"Hey everyone it's carly today elaine. While trough joins me unscheduled skimmed from the catch. She's a new york times bestselling author in award winning journalist and a judge on the new project. Runway elaine is also known for her groundbreaking work while she was the editor in chief of team vogue magazine. At the time she was appointed. She was the youngest ever editor in chief at conde nast title. Elaine bake fan over here. Thank you so much for coming on the show. Welcome to skim from the catch They keep her having the excited. So get you our first question. Everyone gets it better. Skin your estimate for us. Ooh okay. how far do you want to go back. This is your your resume your skin. You tell me oh my gosh okay. Well i'm going to start where it all started back at home town. Buffet in newark california. Where i was dancing. I was the the the host like in the be costume. That be is still like my spirit animal. I feel like i got like my best. Dance moves from being in that hot huge costume. Because all my inhibitions went away and i just had the time of my life and i got paid to just stand there and dance around in fun little kid. I had lots of jobs. I've been working. Ever since. I could get my work permit. Lots of jobs at the mall. And that kind of thing. And then. When i when i was in college i worked two jobs anyway. Flash like my professional career post college. I essentially stopped a woman named harry cole who was the editor in chief of ebony and she eventually conceded and let me be her intern. My very first job in be industry was as an intern at ebony magazine and i sort of worked my way up to beauty and style editor there than i jumped over to conde nast and i worked as the beauty writer and editor at glamour magazine than i was promoted to senior beauty editor. And that's when. I got the big call. That sort of changed my life i from ebay chan who was then the beauty and health director at team vogue and so when she called me about this coveted position that she was leaving and thought i would be a great fit for it. I freaked out. And i just thought i am not worthy. I'm not wearing the god. I don't know if i'm ready. And you know to be the director of a department. I was only twenty five years old. And i had just been promoted where i was so i told her like you know i just you call me six months from now a year from now i would feel better about going after this job but like at this in this climate and the recession. I just got promoted. I don't wanna be labeled this. Ungrateful millennial entitled brad and then they find out that the job and i don't get the job that i'm like blacklisted. So i just was too afraid. And i said i said no. And then lo and behold even worked her magic and next thing you know. I got the call to interview properly or her position. In by that point my boss had given her blessing so there was just sort of a clear path and i got that job. I became the beauty and health director at teen vogue at twenty five and then at twenty nine became the editor of team folks. So amy ashley was the founding editor of teen vogue. She moved on and i was promoted. And then i decided to take a leap of faith in. I think two thousand eighteen. I took a leap of faith. After i felt like i had accomplished everything on my bucket list and more at teen vogue i just i had my heart set on new goals and i started my own business and i wrote a book called more than enough which came out in june of two thousand eighteen just last year. I can't believe it's been a year and the sky's the limit all the things that now. I'm just doing so many things that i feel like. Now i am essentially the editor in chief of my own life.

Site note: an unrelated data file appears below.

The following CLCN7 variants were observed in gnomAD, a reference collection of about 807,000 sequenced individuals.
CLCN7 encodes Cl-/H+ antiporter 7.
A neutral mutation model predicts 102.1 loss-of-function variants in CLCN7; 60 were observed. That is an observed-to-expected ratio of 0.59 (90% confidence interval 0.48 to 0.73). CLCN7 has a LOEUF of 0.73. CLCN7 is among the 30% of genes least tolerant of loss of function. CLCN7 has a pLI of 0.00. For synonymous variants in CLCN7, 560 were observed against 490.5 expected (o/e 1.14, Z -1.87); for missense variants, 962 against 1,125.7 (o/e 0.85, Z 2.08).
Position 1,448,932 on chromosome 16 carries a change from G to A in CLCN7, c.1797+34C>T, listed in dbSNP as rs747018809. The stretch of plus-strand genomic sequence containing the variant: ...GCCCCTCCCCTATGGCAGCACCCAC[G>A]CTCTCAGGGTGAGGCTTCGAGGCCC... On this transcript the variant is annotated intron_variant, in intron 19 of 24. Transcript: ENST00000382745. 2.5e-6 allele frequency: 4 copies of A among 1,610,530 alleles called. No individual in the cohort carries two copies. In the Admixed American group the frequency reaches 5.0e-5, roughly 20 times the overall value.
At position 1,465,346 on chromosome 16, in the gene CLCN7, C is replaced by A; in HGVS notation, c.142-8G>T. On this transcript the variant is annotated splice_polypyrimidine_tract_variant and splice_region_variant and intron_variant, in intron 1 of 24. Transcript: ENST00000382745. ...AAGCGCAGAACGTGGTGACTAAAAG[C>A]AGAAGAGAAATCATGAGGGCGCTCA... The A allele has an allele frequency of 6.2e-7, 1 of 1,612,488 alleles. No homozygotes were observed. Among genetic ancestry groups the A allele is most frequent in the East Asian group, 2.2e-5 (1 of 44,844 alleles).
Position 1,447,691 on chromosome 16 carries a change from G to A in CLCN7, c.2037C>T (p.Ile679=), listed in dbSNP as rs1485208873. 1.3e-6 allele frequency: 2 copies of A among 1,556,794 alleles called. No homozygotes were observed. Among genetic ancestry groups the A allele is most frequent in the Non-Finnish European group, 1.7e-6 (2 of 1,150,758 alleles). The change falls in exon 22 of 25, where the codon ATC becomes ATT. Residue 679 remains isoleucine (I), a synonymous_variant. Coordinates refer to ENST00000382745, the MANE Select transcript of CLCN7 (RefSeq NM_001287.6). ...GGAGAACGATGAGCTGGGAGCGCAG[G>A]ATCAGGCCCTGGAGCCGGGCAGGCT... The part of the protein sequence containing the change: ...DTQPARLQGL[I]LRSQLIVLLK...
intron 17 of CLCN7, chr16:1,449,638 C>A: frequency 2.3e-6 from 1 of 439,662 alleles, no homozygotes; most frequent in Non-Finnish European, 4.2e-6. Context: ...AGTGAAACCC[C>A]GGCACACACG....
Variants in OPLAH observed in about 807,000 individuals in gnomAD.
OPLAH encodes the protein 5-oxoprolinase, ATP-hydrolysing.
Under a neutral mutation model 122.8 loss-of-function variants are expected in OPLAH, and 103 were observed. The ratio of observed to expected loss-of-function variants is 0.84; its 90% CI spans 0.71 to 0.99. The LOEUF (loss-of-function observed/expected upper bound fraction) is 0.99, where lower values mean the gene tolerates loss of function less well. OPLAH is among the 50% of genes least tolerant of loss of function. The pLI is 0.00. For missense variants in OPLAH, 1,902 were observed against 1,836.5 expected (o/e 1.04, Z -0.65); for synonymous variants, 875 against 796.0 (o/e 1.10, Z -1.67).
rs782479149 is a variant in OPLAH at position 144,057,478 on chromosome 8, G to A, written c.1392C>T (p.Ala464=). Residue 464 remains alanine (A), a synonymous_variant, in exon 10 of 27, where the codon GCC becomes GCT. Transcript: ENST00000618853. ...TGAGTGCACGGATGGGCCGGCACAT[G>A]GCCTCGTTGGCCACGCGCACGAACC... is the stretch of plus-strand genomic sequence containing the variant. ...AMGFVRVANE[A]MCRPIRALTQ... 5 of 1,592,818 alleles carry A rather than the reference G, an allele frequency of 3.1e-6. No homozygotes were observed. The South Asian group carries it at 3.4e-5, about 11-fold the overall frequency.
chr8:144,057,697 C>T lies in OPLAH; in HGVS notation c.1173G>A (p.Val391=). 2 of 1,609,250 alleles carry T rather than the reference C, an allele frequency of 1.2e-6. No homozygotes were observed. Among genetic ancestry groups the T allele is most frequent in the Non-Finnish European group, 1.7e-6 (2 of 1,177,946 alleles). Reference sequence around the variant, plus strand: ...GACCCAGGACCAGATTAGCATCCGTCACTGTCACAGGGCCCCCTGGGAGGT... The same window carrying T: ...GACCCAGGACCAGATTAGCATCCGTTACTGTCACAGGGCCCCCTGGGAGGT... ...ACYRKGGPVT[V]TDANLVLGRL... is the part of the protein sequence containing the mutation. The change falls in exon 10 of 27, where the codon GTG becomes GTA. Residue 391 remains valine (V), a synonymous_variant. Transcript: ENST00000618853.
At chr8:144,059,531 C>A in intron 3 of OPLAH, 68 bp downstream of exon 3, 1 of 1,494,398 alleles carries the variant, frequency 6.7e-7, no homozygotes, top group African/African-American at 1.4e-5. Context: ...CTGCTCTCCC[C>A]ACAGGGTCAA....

Briana Holt is the Queen of Muffins